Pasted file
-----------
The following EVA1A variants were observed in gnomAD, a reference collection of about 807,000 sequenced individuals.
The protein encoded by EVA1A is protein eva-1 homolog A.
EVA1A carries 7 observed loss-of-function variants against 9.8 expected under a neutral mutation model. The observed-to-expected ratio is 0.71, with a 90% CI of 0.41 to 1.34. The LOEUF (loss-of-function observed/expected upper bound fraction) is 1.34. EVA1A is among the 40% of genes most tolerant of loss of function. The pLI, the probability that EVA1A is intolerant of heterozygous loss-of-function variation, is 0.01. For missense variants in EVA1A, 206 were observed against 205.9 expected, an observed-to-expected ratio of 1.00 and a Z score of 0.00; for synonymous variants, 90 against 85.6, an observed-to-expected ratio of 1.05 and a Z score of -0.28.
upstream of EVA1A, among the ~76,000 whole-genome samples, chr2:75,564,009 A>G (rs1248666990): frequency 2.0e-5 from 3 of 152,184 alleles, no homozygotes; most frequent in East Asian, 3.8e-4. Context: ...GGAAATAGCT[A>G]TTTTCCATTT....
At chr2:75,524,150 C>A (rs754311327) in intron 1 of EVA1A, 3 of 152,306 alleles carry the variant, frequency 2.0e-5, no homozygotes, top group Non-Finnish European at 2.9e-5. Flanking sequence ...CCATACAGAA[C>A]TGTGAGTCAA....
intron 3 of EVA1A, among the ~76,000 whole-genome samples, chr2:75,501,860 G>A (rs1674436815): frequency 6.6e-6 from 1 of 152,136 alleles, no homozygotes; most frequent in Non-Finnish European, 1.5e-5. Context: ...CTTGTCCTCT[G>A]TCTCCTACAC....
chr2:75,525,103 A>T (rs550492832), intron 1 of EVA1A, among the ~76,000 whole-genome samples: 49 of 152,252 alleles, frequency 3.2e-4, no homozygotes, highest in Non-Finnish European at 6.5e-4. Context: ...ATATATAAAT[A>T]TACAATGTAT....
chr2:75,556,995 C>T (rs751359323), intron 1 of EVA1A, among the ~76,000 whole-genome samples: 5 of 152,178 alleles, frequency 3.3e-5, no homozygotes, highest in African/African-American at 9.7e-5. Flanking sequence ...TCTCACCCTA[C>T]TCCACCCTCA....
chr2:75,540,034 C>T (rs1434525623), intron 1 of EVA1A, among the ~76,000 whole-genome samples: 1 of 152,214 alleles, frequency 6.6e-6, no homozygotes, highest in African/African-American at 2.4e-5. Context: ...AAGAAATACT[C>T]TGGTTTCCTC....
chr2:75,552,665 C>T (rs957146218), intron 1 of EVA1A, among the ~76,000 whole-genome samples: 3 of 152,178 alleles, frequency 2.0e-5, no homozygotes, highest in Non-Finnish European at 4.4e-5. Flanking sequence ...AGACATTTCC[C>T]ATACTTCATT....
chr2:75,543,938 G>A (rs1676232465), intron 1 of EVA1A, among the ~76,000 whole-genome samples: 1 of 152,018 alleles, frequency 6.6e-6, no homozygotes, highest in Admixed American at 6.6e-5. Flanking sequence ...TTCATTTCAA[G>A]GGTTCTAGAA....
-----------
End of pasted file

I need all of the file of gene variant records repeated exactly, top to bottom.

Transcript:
The following EVA1A variants were observed in gnomAD, a reference collection of about 807,000 sequenced individuals.
The protein encoded by EVA1A is protein eva-1 homolog A.
EVA1A carries 7 observed loss-of-function variants against 9.8 expected under a neutral mutation model. The observed-to-expected ratio is 0.71, with a 90% CI of 0.41 to 1.34. The LOEUF (loss-of-function observed/expected upper bound fraction) is 1.34. EVA1A is among the 40% of genes most tolerant of loss of function. The pLI, the probability that EVA1A is intolerant of heterozygous loss-of-function variation, is 0.01. For missense variants in EVA1A, 206 were observed against 205.9 expected, an observed-to-expected ratio of 1.00 and a Z score of 0.00; for synonymous variants, 90 against 85.6, an observed-to-expected ratio of 1.05 and a Z score of -0.28.
upstream of EVA1A, among the ~76,000 whole-genome samples, chr2:75,564,009 A>G (rs1248666990): frequency 2.0e-5 from 3 of 152,184 alleles, no homozygotes; most frequent in East Asian, 3.8e-4. Context: ...GGAAATAGCT[A>G]TTTTCCATTT....
At chr2:75,524,150 C>A (rs754311327) in intron 1 of EVA1A, 3 of 152,306 alleles carry the variant, frequency 2.0e-5, no homozygotes, top group Non-Finnish European at 2.9e-5. Flanking sequence ...CCATACAGAA[C>A]TGTGAGTCAA....
intron 3 of EVA1A, among the ~76,000 whole-genome samples, chr2:75,501,860 G>A (rs1674436815): frequency 6.6e-6 from 1 of 152,136 alleles, no homozygotes; most frequent in Non-Finnish European, 1.5e-5. Context: ...CTTGTCCTCT[G>A]TCTCCTACAC....
chr2:75,525,103 A>T (rs550492832), intron 1 of EVA1A, among the ~76,000 whole-genome samples: 49 of 152,252 alleles, frequency 3.2e-4, no homozygotes, highest in Non-Finnish European at 6.5e-4. Context: ...ATATATAAAT[A>T]TACAATGTAT....
chr2:75,556,995 C>T (rs751359323), intron 1 of EVA1A, among the ~76,000 whole-genome samples: 5 of 152,178 alleles, frequency 3.3e-5, no homozygotes, highest in African/African-American at 9.7e-5. Flanking sequence ...TCTCACCCTA[C>T]TCCACCCTCA....
chr2:75,540,034 C>T (rs1434525623), intron 1 of EVA1A, among the ~76,000 whole-genome samples: 1 of 152,214 alleles, frequency 6.6e-6, no homozygotes, highest in African/African-American at 2.4e-5. Context: ...AAGAAATACT[C>T]TGGTTTCCTC....
chr2:75,552,665 C>T (rs957146218), intron 1 of EVA1A, among the ~76,000 whole-genome samples: 3 of 152,178 alleles, frequency 2.0e-5, no homozygotes, highest in Non-Finnish European at 4.4e-5. Flanking sequence ...AGACATTTCC[C>T]ATACTTCATT....
chr2:75,543,938 G>A (rs1676232465), intron 1 of EVA1A, among the ~76,000 whole-genome samples: 1 of 152,018 alleles, frequency 6.6e-6, no homozygotes, highest in Admixed American at 6.6e-5. Flanking sequence ...TTCATTTCAA[G>A]GGTTCTAGAA....